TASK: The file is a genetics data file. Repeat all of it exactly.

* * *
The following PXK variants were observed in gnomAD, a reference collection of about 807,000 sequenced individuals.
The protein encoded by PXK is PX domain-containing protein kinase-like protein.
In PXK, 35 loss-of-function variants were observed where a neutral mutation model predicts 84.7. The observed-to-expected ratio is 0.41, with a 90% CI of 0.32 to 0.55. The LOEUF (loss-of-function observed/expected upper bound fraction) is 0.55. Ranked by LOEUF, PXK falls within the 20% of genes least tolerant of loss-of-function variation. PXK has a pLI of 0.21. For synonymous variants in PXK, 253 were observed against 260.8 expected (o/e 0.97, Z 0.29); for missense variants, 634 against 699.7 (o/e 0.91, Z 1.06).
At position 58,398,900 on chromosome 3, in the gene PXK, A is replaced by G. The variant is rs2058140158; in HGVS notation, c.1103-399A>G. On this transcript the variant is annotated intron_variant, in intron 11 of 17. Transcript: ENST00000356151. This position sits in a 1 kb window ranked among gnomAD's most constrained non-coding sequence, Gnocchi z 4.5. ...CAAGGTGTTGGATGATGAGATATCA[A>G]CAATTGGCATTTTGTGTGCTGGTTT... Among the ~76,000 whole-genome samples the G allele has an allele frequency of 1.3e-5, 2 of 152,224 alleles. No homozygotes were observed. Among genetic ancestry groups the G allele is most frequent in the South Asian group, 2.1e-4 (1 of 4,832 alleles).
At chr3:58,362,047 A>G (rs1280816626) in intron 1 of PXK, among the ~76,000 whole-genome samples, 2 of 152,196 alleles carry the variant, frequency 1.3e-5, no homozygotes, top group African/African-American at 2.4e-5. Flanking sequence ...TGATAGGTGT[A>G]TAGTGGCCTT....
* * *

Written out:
The following PXK variants were observed in gnomAD, a reference collection of about 807,000 sequenced individuals.
The protein encoded by PXK is PX domain-containing protein kinase-like protein.
In PXK, 35 loss-of-function variants were observed where a neutral mutation model predicts 84.7. The observed-to-expected ratio is 0.41, with a 90% CI of 0.32 to 0.55. The LOEUF (loss-of-function observed/expected upper bound fraction) is 0.55. Ranked by LOEUF, PXK falls within the 20% of genes least tolerant of loss-of-function variation. PXK has a pLI of 0.21. For synonymous variants in PXK, 253 were observed against 260.8 expected (o/e 0.97, Z 0.29); for missense variants, 634 against 699.7 (o/e 0.91, Z 1.06).
At position 58,398,900 on chromosome 3, in the gene PXK, A is replaced by G. The variant is rs2058140158; in HGVS notation, c.1103-399A>G. On this transcript the variant is annotated intron_variant, in intron 11 of 17. Transcript: ENST00000356151. This position sits in a 1 kb window ranked among gnomAD's most constrained non-coding sequence, Gnocchi z 4.5. ...CAAGGTGTTGGATGATGAGATATCA[A>G]CAATTGGCATTTTGTGTGCTGGTTT... Among the ~76,000 whole-genome samples the G allele has an allele frequency of 1.3e-5, 2 of 152,224 alleles. No homozygotes were observed. Among genetic ancestry groups the G allele is most frequent in the South Asian group, 2.1e-4 (1 of 4,832 alleles).
At chr3:58,362,047 A>G (rs1280816626) in intron 1 of PXK, among the ~76,000 whole-genome samples, 2 of 152,196 alleles carry the variant, frequency 1.3e-5, no homozygotes, top group African/African-American at 2.4e-5. Flanking sequence ...TGATAGGTGT[A>G]TAGTGGCCTT....